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Development of CM-CS1 CAR Treg to Treat Amyotrophic Lateral Sclerosis (ALS)

Award Information
Agency: Department of Health and Human Services
Branch: National Institutes of Health
Contract: 1R44NS132666-01
Agency Tracking Number: R44NS132666
Amount: $466,950.00
Phase: Phase I
Program: SBIR
Solicitation Topic Code: 105
Solicitation Number: PA22-176
Solicitation Year: 2022
Award Year: 2023
Award Start Date (Proposal Award Date): 2023-09-19
Award End Date (Contract End Date): 2024-08-31
Small Business Information
Lebanon, NH 03766-1441
United States
DUNS: 828763263
HUBZone Owned: No
Woman Owned: No
Socially and Economically Disadvantaged: No
Principal Investigator
 (617) 320-8521
Business Contact
Phone: (617) 320-8521
Research Institution

Amyotrophic lateral sclerosis (ALS) patients develop fatal paralysis as a result of progressive motor neuron loss
in the brain and spinal cord. There are more than 5,000 new cases of ALS per year in the United States, with
typical age of onset between 40 and 70 years of age. While SOD1 is a cytoplasmic protein, misfolded SOD1 can
be secreted and form extracellular oligomers and aggregates. Mutations in superoxide dismutase-1 (mSOD1)
result in misfolding and aggregation of SOD1 and are found in a subset of familial ALS cases. However,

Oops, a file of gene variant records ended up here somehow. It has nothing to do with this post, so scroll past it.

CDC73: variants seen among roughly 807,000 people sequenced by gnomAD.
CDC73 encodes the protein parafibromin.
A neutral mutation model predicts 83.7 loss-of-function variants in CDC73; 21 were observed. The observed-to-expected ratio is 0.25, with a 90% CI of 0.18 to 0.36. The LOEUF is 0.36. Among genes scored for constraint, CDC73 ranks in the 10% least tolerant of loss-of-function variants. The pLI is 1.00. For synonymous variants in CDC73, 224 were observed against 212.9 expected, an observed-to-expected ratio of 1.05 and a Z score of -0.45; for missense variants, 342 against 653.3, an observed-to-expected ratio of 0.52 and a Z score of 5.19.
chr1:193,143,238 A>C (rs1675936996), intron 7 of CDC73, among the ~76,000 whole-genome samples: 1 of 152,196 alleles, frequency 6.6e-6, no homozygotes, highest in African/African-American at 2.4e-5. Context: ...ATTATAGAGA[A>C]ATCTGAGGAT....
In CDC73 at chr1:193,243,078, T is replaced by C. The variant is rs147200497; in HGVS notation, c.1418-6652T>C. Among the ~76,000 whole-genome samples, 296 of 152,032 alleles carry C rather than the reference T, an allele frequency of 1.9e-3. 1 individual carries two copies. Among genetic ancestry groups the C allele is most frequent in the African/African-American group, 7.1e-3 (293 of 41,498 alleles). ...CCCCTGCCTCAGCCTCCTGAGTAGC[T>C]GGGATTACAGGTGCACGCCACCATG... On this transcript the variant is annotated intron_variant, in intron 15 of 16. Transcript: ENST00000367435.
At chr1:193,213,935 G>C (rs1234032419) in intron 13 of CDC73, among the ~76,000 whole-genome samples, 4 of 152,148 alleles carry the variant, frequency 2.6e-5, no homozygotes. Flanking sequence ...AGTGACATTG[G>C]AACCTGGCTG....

misfolded SOD1 has also been identified in spinal cord samples from many sporadic cases of ALS. Regulatory
T cells (Tregs) have tolerogenic and anti-inflammatory functions and are being pursued as cell-based
therapeutics to block auto-inflammatory immune cells. Higher numbers of Tregs (CD4+CD25hiCD127lo) in ALS
patients are associated with a slower disease progression. We have developed novel chimeric antigen receptors
(CARs) that recognize aggregated SOD1 and trigger Treg function. In this manner, we aim to provide a large
number of Tregs that are specific for a disease-associated protein and will become activated at the site of
misfolded, aggregated SOD1. We have further enhanced the activity of CAR Tregs by engineering them to
produce BNDF, a key neuronal survival factor. We have developed a novel mouse model for ALS by breeding
the G93A SOD1 transgene onto the NSG mouse background to create mSOD1-NSG mice. These mice allow
the engraftment of human cells and they develop a progressive disease resulting in inflammation in the spinal
cord and limb paralysis that mimic findings in ALS. The aim of this project is to perform IND-enabling studies
required for translation of this therapy into the clinic.

* Information listed above is at the time of submission. *

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